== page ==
A Colorado eviction notice is used by a landlord or property management company when the tenant of a rental property violates the lease in some way. One of the most common reasons is failure to pay rent. An eviction notice is more commonly known as a Demand for Compliance or a Right to Possession Notice. They may also be known as a Notice to Quit. An eviction notice must be given before a landlord or property management company can start the legal process through the court.
The main components of a Colorado eviction notice are:
3-Day Notice to Quit for Non-Payment or Non-Compliance
Although non-payment of rent is technically non-compliance with the lease provisions, they’re often addressed as separate matters. With a 3-day notice, the tenant has three days from the date of the notice to pay their rent or correct the violation. This Colorado eviction notice is subject to Colorado landlord-tenant law notated as Colo. Rev. Stat. § 13-40-104(d).
If the violation is unpaid rent, the notice must list the amount that is due, when it should be paid, and where it should be paid. If the violation is a different sort of violation of the lease agreement, the notice should explain the nature of the violation that caused the eviction notice to be issued. It should also list the date by which the violation must be corrected.
Colorado Lease Termination Letter
A Colorado Lease Termination Letter isn’t technically an eviction notice, but it does end the agreement between the landlord and the tenant. This letter is used to end a month-to-month agreement. However, you must give notice based specifically on how long the tenant has resided on the property as listed in Colo. Rev. Stat. § 13-40-107:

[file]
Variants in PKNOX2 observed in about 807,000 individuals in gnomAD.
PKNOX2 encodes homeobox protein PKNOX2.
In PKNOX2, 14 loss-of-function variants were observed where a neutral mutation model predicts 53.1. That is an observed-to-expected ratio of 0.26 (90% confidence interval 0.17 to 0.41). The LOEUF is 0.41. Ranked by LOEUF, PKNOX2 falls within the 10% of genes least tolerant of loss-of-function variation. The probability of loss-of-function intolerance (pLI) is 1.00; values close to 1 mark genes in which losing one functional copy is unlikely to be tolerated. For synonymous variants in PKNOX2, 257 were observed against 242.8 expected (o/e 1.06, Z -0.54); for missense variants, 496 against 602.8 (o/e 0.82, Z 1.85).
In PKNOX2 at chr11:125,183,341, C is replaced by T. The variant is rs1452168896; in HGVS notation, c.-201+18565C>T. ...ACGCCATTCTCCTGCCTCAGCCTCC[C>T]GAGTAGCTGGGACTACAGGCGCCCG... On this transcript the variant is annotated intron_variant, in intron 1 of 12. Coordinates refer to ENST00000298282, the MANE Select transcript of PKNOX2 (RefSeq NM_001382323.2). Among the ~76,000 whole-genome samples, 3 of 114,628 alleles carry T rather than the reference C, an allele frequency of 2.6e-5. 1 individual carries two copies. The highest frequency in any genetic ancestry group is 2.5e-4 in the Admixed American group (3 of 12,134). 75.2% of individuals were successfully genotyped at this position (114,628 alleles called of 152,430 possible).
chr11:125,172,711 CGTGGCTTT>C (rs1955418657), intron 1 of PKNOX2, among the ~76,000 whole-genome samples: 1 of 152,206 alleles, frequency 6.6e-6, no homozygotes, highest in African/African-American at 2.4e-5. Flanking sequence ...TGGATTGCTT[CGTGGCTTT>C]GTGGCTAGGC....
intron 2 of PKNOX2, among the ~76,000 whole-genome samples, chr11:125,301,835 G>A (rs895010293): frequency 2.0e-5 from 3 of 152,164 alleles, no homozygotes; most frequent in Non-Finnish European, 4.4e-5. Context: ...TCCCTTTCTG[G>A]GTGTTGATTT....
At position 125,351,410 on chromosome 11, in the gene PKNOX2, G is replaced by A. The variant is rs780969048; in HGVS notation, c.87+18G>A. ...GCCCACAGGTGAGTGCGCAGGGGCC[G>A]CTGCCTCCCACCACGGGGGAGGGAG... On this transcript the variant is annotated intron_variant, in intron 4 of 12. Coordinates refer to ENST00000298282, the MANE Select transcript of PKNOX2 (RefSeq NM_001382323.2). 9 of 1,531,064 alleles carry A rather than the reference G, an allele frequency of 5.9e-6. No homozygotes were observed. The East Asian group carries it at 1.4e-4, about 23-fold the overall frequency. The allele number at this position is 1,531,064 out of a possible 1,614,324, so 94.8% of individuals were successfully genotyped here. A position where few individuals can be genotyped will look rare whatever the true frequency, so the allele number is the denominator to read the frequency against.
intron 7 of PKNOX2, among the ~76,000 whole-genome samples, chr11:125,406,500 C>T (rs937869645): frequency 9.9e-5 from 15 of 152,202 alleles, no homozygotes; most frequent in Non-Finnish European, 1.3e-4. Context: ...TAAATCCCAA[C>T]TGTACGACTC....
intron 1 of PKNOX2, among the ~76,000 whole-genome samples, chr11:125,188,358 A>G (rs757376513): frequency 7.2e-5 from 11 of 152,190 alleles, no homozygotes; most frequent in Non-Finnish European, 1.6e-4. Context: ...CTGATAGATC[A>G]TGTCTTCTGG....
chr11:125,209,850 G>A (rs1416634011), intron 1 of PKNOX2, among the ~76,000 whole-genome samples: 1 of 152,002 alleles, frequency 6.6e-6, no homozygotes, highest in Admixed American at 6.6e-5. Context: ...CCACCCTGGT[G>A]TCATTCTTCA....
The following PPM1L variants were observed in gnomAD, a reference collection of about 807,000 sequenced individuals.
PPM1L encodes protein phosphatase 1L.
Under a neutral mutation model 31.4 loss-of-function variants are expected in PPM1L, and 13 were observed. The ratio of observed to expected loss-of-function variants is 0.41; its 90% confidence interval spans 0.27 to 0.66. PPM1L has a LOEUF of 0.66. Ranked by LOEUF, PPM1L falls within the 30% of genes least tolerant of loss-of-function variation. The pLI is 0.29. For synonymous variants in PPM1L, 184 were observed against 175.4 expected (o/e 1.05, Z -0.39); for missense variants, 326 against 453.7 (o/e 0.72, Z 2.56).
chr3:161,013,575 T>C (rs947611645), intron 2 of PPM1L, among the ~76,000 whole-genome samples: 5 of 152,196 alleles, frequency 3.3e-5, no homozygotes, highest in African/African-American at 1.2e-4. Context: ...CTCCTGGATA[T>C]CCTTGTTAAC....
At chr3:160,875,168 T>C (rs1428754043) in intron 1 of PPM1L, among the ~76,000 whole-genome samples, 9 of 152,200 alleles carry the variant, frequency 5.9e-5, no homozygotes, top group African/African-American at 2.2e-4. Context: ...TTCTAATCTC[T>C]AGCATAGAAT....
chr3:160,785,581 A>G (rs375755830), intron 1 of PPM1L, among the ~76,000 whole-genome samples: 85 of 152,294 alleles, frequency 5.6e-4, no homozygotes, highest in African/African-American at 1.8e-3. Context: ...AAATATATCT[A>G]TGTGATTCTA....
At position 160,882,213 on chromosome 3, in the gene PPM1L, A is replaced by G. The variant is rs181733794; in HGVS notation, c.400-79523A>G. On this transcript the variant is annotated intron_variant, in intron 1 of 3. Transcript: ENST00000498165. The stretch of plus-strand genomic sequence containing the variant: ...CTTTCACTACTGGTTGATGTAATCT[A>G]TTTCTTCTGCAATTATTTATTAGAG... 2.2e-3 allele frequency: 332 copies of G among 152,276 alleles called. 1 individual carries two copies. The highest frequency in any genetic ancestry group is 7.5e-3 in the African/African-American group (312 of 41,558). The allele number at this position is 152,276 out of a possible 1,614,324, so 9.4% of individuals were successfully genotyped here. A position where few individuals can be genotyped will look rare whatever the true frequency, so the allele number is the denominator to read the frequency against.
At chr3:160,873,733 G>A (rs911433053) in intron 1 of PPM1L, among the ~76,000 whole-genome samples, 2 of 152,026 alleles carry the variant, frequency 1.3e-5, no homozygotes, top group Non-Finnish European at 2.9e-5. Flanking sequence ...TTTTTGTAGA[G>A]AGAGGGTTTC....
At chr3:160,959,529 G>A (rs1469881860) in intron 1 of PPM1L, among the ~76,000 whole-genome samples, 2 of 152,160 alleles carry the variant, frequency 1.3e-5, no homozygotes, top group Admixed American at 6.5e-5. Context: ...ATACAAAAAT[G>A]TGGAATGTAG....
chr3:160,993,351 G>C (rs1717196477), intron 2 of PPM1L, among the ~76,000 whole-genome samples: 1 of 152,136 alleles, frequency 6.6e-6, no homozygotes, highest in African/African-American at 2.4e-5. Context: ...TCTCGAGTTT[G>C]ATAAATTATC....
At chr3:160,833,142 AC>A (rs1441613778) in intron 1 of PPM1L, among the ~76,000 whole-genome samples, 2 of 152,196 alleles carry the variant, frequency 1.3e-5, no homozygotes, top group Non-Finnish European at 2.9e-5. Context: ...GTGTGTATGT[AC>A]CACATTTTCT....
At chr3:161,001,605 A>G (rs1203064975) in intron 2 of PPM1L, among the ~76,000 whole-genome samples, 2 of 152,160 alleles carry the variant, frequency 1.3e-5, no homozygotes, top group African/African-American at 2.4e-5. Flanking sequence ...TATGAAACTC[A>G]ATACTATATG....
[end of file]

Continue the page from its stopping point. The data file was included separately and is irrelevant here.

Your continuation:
Colorado eviction notices must be written in compliance with Colorado landlord-tenant law. They must also include a certificate of service that is dated and signed by the person who serves the notice. Landlords may not begin the court process of eviction without first issuing a written eviction notice.
Also, not all evictions are legal. Landlords may not evict a tenant because the tenant has reported the property for code violations. Landlords may not evict tenants for discriminatory reasons. They also may not rely on self-help methods such as changing the locks or shutting off the utilities.
If you live in Colorado and receive an eviction notice, read it carefully. Make sure that you understand why you’ve received it. If you have questions, call your landlord or the property management company. If you want to remain on the property, take the appropriate actions before the deadline.
If you think that the landlord’s attempt to evict you is illegal, talk to a landlord-tenant lawyer. If it is, you may have the grounds to file a lawsuit against the landlord. Many law schools offer low-cost or free legal clinics where they help tenants with eviction notices and other problems. There are also legal aid clinics that may be able to help you if you cannot afford a lawyer.
Colorado landlords must comply with landlord-tenant law. This include providing an eviction notice. A landlord cannot file a complaint with the court without having first served the tenant with an eviction notice. Landlords may not subscribe to self-help measures to gain access to the property. Those measures were described above under Legal Considerations. If a landlord or a property management company needs to learn more about their options, they should speak with a landlord-tenant lawyer.